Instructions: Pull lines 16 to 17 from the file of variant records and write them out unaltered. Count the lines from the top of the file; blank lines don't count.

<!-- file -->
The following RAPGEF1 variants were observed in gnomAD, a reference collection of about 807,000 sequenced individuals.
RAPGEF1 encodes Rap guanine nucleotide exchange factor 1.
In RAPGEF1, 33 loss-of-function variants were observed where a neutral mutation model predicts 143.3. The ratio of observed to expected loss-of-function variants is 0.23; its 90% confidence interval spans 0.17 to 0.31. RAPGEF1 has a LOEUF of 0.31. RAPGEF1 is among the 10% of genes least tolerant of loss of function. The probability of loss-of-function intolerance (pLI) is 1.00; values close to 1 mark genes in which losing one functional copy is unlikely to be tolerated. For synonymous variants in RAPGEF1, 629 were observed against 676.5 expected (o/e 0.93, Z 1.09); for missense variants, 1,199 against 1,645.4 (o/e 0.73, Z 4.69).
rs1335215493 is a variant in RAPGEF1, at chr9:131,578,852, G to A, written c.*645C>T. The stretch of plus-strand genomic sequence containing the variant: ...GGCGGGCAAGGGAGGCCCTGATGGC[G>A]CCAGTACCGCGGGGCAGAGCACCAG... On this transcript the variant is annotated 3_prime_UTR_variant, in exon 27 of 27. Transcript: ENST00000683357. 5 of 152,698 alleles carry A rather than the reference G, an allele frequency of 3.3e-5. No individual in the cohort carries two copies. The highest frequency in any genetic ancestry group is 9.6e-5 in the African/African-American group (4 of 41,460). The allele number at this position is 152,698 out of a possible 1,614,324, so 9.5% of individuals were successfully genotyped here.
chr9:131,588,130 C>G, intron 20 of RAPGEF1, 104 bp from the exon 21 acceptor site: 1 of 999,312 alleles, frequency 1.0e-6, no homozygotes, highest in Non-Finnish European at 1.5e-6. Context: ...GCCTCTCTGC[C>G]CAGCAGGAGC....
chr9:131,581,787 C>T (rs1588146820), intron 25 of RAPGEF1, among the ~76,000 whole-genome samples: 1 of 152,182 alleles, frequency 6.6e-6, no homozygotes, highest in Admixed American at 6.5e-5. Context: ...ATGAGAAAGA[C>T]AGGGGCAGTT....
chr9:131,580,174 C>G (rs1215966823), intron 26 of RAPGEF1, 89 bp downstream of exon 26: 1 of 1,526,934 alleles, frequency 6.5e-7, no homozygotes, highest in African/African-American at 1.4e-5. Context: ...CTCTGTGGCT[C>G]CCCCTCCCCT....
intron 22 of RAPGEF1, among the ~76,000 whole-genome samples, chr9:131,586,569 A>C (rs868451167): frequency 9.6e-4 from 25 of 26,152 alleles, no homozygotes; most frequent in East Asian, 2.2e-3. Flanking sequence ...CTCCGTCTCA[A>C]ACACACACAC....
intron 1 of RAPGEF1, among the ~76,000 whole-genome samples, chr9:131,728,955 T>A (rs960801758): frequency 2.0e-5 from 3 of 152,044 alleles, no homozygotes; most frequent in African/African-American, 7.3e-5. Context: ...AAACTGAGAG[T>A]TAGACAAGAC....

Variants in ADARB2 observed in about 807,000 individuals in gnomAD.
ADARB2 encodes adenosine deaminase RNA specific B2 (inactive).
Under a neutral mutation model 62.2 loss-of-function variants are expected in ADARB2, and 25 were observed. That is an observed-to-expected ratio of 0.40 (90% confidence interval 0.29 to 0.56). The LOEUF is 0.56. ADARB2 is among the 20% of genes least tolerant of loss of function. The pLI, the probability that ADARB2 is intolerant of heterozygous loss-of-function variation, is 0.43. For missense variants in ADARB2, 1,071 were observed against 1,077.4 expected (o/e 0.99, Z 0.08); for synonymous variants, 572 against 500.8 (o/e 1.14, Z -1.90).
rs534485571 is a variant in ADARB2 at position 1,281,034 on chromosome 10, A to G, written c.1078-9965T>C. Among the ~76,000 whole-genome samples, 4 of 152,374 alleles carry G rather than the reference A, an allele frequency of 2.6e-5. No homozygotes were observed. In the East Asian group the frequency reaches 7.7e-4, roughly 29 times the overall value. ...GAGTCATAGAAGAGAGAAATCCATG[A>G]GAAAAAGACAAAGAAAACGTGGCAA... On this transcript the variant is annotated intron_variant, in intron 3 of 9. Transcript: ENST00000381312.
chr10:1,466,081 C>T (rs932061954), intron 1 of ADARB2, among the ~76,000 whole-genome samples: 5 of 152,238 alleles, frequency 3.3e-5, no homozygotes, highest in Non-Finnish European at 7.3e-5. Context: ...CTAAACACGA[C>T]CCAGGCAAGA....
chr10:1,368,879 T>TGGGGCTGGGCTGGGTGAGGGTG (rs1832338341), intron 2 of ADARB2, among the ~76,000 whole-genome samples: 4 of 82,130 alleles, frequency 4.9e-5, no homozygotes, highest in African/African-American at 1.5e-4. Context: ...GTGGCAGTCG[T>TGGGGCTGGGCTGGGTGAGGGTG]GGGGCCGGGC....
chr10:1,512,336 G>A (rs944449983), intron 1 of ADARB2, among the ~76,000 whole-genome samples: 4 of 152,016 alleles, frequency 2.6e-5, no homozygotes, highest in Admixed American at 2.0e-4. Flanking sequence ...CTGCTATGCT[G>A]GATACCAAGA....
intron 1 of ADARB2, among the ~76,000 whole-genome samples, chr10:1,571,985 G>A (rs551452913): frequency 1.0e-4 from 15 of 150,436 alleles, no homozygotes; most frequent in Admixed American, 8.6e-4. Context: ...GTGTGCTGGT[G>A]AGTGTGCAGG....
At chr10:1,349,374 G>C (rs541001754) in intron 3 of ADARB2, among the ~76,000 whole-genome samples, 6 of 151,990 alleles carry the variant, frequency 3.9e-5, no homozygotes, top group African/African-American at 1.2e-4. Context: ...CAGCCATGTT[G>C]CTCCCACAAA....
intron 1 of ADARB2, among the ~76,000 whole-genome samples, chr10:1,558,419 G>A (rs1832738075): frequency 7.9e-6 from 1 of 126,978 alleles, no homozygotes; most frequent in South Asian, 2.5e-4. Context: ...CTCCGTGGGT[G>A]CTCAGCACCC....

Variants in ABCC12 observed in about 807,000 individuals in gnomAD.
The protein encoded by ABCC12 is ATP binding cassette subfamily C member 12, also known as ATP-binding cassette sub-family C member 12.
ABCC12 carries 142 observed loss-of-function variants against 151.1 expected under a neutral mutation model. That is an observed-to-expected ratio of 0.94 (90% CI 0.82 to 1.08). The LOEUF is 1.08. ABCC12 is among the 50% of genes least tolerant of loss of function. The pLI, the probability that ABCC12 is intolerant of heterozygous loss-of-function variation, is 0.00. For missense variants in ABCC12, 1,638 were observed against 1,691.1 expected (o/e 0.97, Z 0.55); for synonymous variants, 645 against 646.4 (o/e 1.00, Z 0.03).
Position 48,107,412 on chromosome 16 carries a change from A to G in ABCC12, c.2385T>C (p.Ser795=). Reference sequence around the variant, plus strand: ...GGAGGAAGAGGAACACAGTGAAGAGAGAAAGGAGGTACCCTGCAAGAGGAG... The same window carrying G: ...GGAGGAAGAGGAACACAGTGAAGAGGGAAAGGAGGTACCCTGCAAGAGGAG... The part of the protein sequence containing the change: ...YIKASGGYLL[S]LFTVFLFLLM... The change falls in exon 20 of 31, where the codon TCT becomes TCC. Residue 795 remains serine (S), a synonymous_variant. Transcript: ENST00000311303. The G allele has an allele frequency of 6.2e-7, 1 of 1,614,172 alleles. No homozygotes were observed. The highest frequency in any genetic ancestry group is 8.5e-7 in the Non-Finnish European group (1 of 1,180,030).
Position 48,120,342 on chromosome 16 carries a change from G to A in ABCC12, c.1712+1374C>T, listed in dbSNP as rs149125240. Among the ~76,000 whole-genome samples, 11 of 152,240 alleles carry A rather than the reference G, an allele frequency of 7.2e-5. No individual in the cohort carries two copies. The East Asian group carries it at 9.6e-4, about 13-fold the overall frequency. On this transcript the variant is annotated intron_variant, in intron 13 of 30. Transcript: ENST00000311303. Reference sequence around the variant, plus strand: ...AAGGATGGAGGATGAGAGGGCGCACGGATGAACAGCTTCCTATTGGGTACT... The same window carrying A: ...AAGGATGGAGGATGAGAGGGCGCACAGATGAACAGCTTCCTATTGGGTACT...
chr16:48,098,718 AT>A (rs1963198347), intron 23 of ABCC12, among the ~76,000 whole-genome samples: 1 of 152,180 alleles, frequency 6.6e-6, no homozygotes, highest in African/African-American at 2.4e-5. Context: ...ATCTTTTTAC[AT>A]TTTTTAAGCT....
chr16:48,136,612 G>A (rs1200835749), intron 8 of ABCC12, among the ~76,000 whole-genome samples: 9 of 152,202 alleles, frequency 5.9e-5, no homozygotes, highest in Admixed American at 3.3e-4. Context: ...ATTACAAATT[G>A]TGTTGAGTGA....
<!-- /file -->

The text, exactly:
chr10:1,512,336 G>A (rs944449983), intron 1 of ADARB2, among the ~76,000 whole-genome samples: 4 of 152,016 alleles, frequency 2.6e-5, no homozygotes, highest in Admixed American at 2.0e-4. Flanking sequence ...CTGCTATGCT[G>A]GATACCAAGA....
intron 1 of ADARB2, among the ~76,000 whole-genome samples, chr10:1,571,985 G>A (rs551452913): frequency 1.0e-4 from 15 of 150,436 alleles, no homozygotes; most frequent in Admixed American, 8.6e-4. Context: ...GTGTGCTGGT[G>A]AGTGTGCAGG....